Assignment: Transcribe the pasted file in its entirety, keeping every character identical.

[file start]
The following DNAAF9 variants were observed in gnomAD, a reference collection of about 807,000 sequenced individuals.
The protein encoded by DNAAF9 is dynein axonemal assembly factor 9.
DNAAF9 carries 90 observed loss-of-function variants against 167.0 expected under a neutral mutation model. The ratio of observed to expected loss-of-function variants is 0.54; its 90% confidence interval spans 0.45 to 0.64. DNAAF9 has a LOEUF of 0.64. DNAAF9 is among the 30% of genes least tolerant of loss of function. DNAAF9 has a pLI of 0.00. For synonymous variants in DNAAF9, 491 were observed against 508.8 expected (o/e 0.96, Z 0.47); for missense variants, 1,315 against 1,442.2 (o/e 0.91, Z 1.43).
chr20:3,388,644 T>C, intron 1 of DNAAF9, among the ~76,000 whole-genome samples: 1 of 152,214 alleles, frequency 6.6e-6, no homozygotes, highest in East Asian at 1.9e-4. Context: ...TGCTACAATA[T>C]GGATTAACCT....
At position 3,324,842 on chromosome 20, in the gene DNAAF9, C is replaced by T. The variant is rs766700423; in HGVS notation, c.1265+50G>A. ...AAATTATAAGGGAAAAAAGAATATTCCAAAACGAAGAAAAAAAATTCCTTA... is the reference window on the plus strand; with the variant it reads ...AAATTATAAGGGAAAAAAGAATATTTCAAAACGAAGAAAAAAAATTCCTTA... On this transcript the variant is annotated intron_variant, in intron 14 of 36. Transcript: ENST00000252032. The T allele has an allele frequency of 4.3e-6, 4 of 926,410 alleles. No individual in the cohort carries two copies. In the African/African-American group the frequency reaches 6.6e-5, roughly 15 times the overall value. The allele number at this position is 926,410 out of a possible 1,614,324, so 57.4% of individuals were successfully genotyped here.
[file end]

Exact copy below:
The following DNAAF9 variants were observed in gnomAD, a reference collection of about 807,000 sequenced individuals.
The protein encoded by DNAAF9 is dynein axonemal assembly factor 9.
DNAAF9 carries 90 observed loss-of-function variants against 167.0 expected under a neutral mutation model. The ratio of observed to expected loss-of-function variants is 0.54; its 90% confidence interval spans 0.45 to 0.64. DNAAF9 has a LOEUF of 0.64. DNAAF9 is among the 30% of genes least tolerant of loss of function. DNAAF9 has a pLI of 0.00. For synonymous variants in DNAAF9, 491 were observed against 508.8 expected (o/e 0.96, Z 0.47); for missense variants, 1,315 against 1,442.2 (o/e 0.91, Z 1.43).
chr20:3,388,644 T>C, intron 1 of DNAAF9, among the ~76,000 whole-genome samples: 1 of 152,214 alleles, frequency 6.6e-6, no homozygotes, highest in East Asian at 1.9e-4. Context: ...TGCTACAATA[T>C]GGATTAACCT....
At position 3,324,842 on chromosome 20, in the gene DNAAF9, C is replaced by T. The variant is rs766700423; in HGVS notation, c.1265+50G>A. ...AAATTATAAGGGAAAAAAGAATATTCCAAAACGAAGAAAAAAAATTCCTTA... is the reference window on the plus strand; with the variant it reads ...AAATTATAAGGGAAAAAAGAATATTTCAAAACGAAGAAAAAAAATTCCTTA... On this transcript the variant is annotated intron_variant, in intron 14 of 36. Transcript: ENST00000252032. The T allele has an allele frequency of 4.3e-6, 4 of 926,410 alleles. No individual in the cohort carries two copies. In the African/African-American group the frequency reaches 6.6e-5, roughly 15 times the overall value. The allele number at this position is 926,410 out of a possible 1,614,324, so 57.4% of individuals were successfully genotyped here.